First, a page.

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Wednesday, June 25, 2008

Making Google More Open

Drake Bennett at The Boston Globe has a long article about how Google managed to remain “fundamentally likable”, as he says, while today being “a behemoth, with more than 15,000 employees and a market value as big as Coca-Cola and Boeing combined”. He mentions concerns that even provided Google sticks to its privacy policy and handles the sensitive information we feed it sensibly indeed, “government might compel it to turn over search information.” Drake argues “Google has so outpaced its rivals that it has begun to look like a monopoly” and goes through various different suggestions to make Google more open. Like having them make their search algorithms public. Or (my emphasis):

... an idea put forward by Pasquale of Seton Hall. In a few recent papers, he has proposed what he calls a “right of reply” to search results. If, for example, the top results to a query about an individual are slanderous or otherwise damaging to his reputation, that person, Pasquale argues, should have the right to put an asterisk by the findings that links to a rebuttal. (...)

Still, to other Google watchers, such measures would ultimately end up backfiring. A “right of reply” would be difficult to put into practice, and could end up being used by companies to ensure that their links show up on all Web searches that highlighted their competitors. (...)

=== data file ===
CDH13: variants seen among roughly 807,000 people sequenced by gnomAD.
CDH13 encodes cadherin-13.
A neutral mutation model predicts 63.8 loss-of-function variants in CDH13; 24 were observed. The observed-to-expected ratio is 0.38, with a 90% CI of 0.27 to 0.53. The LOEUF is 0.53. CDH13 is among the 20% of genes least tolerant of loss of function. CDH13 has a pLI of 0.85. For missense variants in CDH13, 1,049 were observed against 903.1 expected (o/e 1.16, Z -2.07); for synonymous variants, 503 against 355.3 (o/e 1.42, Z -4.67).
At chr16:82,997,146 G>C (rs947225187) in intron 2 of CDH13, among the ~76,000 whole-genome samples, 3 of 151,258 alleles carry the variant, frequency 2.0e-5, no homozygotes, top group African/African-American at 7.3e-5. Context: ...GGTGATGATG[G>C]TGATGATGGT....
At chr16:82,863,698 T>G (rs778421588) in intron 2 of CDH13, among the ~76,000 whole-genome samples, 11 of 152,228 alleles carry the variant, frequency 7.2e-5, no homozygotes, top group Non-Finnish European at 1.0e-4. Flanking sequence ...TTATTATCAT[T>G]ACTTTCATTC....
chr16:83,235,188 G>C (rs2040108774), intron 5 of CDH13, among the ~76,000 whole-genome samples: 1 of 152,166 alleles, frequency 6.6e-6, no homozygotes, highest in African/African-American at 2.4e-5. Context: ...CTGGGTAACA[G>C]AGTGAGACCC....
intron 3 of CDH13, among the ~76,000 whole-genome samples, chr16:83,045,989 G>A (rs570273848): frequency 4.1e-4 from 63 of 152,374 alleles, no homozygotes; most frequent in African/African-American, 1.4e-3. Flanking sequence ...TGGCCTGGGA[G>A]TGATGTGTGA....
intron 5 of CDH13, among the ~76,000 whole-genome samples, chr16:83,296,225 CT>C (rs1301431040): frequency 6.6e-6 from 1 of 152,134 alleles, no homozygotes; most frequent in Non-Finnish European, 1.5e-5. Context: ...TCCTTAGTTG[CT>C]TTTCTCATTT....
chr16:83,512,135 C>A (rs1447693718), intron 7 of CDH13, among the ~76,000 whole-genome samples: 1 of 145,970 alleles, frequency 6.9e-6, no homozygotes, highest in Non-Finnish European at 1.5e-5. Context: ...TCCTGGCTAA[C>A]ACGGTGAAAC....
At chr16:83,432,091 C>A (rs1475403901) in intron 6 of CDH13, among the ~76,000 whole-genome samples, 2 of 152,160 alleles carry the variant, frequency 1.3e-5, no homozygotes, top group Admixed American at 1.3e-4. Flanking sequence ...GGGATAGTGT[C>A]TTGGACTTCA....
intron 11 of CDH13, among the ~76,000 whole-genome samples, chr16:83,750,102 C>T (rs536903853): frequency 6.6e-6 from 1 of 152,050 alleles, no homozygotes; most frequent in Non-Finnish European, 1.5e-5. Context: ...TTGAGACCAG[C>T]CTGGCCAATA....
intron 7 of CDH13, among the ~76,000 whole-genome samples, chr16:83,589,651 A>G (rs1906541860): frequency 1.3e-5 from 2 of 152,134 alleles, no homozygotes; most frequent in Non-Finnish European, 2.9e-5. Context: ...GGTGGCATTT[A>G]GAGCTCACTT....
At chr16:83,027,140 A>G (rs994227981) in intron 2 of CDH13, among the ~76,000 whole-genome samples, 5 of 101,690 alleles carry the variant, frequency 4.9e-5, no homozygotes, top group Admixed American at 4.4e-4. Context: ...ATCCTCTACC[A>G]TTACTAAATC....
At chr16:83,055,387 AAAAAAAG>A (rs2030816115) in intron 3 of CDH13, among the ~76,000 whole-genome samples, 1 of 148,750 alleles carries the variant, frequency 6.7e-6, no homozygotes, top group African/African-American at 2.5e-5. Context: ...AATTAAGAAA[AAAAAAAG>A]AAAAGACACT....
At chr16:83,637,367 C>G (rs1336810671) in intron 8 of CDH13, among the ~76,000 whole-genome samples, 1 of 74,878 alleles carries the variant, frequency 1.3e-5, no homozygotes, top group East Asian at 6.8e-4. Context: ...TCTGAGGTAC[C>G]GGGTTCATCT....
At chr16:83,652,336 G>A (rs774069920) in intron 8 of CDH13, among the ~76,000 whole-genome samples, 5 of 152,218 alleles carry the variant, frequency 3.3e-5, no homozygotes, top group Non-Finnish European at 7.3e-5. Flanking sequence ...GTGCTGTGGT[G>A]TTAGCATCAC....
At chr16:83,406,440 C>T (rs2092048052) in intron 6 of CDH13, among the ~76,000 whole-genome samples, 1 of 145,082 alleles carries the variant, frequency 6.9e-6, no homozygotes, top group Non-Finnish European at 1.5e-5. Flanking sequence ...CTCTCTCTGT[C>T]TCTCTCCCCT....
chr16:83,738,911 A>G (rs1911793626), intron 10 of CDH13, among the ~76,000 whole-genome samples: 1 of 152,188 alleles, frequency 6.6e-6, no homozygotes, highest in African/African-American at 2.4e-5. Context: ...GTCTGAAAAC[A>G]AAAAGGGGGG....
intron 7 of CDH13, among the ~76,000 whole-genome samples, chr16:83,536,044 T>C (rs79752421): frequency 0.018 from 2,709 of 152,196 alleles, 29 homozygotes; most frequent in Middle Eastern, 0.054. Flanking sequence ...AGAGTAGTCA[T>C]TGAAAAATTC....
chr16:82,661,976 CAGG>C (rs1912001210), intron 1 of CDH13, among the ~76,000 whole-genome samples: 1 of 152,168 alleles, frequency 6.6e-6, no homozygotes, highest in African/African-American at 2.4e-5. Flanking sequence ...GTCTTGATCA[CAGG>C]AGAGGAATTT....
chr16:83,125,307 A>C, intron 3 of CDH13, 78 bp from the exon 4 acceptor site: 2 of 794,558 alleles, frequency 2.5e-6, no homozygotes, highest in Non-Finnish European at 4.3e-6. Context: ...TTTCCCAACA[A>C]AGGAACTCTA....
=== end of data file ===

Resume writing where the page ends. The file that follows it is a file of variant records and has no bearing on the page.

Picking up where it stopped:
To Pasquale and others, search engines, like the railroads and the telephone, are technologies that, because of their great importance, demand a level of public control and accountability, Google most especially.

In Google News, by the way, Google already allows people being talked about in news to add their own views. Another approach in action right now is that many results will be relatively diverse, showing say a more neutral Wikipedia entry right below the official homepage to a famous person. But it doesn’t always work like that. Search for google, for instance, and the top 10 (at this time, checked from my computer) does not yield any third-party result at all. You will have to click through to the second result page to see the first Wikipedia article, and even further ahead to find, for instance.

[Thanks Ianf!]


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